No Brexit ‘phase two’ talks before December, EU ministers insist

Simon Coveney welcomes ‘very strong language on Ireland’ in EU summit documents

The EU’s chief Brexit negotiator Michel Barnier: says pace of “divorce” talks inadequate. Photograph: Liam McBurney/PA

The EU’s chief Brexit negotiator Michel Barnier: says pace of “divorce” talks inadequate. Photograph: Liam McBurney/PA


EU European affairs ministers on Tuesday made clear that it will be December at the earliest before the EU will talk to the UK about trade and their post-Brexit future relationship.

There will now be three extra rounds of talks ahead of that meeting to accelerate the process.

Minister for Foreign Affairs Simon Coveney expressed delight at what he called “very strong language on Ireland” in the “conclusions” for this week’s EU summit, which were approved by the ministers preparing the summit.

The ministers fully accepted the assessment made by the EU’s chief negotiator, Michel Barnier, of the inadequate pace of the “divorce” talks. And the draft conclusions on those remain unchanged – they include a clear requirement on the UK to come up with what Mr Coveney on Tuesday called a “road map” on how the UK’s repeatedly professed interest in a frictionless Border on the island can be achieved.

The conclusions hold out a small carrot to the UK in suggesting that “sufficient progress” – the bar they have set for progression to second-phase discussions on trade and the future relationship – may be made by the December summit, and in mandating Mr Barnier to prepare negotiating guidelines for phase-two talks to approve then.

But ministers, including Mr Coveney, were adamant that there could be no question of talking at this stage to the UK about transition or trade issues.

Mr Coveney acknowledged that all “phase-one issues don’t need to be fully resolved, and a lot of Irish issues won’t be concluded” in meeting the requirement of “sufficient progress” to pass to phase-two talks. But the UK’s proposals to date for dealing with the Border in its customs and Northern Ireland negotiating papers were inadequate, he said.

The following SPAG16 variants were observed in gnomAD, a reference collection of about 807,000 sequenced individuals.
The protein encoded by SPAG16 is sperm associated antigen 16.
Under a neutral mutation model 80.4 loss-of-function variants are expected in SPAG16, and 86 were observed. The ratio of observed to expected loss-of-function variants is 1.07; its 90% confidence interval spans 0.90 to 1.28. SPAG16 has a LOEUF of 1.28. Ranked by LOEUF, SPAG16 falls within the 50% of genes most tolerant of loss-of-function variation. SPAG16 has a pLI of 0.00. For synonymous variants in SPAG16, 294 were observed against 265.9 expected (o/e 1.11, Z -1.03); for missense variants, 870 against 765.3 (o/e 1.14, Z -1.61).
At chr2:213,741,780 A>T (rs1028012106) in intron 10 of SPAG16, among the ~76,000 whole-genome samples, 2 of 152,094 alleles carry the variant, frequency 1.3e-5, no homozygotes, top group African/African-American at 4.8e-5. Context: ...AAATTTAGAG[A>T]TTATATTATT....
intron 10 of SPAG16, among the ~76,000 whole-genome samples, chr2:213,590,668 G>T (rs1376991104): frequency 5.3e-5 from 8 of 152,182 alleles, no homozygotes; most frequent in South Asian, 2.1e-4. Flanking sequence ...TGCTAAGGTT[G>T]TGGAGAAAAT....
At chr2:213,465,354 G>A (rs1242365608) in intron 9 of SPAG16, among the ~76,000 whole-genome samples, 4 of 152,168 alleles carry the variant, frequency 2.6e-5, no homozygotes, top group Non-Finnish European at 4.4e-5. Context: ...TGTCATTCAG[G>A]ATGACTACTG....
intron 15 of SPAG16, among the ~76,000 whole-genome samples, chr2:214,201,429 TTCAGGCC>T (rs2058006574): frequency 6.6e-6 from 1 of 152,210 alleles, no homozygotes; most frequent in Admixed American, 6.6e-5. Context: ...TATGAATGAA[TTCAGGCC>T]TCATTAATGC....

“The Border was always an issue for phase one,” he said. The EU would need to see substantial progress – although the UK has made very strong statements, “a road map to achieve that is what is required”. Phase-two solutions were likely to be part of any solution, he said, but there was a need for clarity, and a plan to get there.

The Minister said there had been good progress on the Common Travel Area, but that safeguarding the Belfast Agreement was “a lot more complex than many understood”. North-South co-operation in up to 140 areas is based on common membership of the EU and hence a common regulatory framework of EU law in areas as varied as animal health regulations and water quality.

They had to preserve that and deal with what happens in the future as EU legislation evolves.

Prime minister Theresa May will again be given an opportunity to make her case to EU leaders at this week’s summit. On Friday morning she will address the meeting before she leaves for London and the summit reconvenes with 27 members.  

Special status

Separately, special status for Northern Ireland, either inside the EU or with a specially designed relationship with the bloc, is both legally possible and politically desirable, according to a European Parliament report to be launched in Brussels on Wednesday.

The independent legal report, compiled by the Doughty Street barristers’ chambers in London and commissioned by the left-green group of which Sinn Féin is a member, provides examples of legal frameworks that could be applied to the North.

“There is a long history of the EU being willing to agree to a range of tailored, differentiated packages with other individual states or parts of states in order to reflect particular legal, political, historical, economic and/or geographical circumstances,” the report finds.

The obstacles to special status for the North are not legal, but political, it finds. The report details a number of cases in which special status and unique arrangements are recognised in EU and national law.

“Special status for Northern Ireland inside the EU is legally possible, subject to political negotiations and decision-making between the EU and the UK,” it finds. “There is a range of possible solutions which have not yet been properly explored by the UK Government.”

Displaced institutions

Meanwhile, the General Affairs Council also on Tuesday heard member states pitch to each other for the location of two institutions to be displaced from London by Brexit: the European Medicines Agency and the European Banking Union. Ireland still has its hat in the ring for both. A decision will be taken, under a complex voting system, at the GAC meeting in November.

Earlier, in the debate on the digital economy, Ireland, which was represented by Minister for European Affairs Helen McEntee, was joined by up to 14 other states in pressing for a dilution of the proposed conclusions on EU initiatives on digital taxation.

The State is seeking to amend the final document of the summit to make it clear that the union will walk in step on the issue with the OECD, which is due to report in the spring. France and Germany are pressing for the EU to go ahead with its own proposals.

Ireland was supported by the Czech Republic, the Netherlands, the UK, Cyprus, Malta, Denmark and Sweden.

 The Irish are also seeking a small change in the summit language on the development of European security co-operation, known as Permanent Structured Co-operation (Pesco), which puts flesh on treaty provisions that allow for the union, or subgroups of it, to organise a range of military tasks together.

It is due to be launched by the end of the year, and Dublin argues that a commitment to “flexible mechanisms” would make it easier for all member states, Ireland included, to play a full part in it.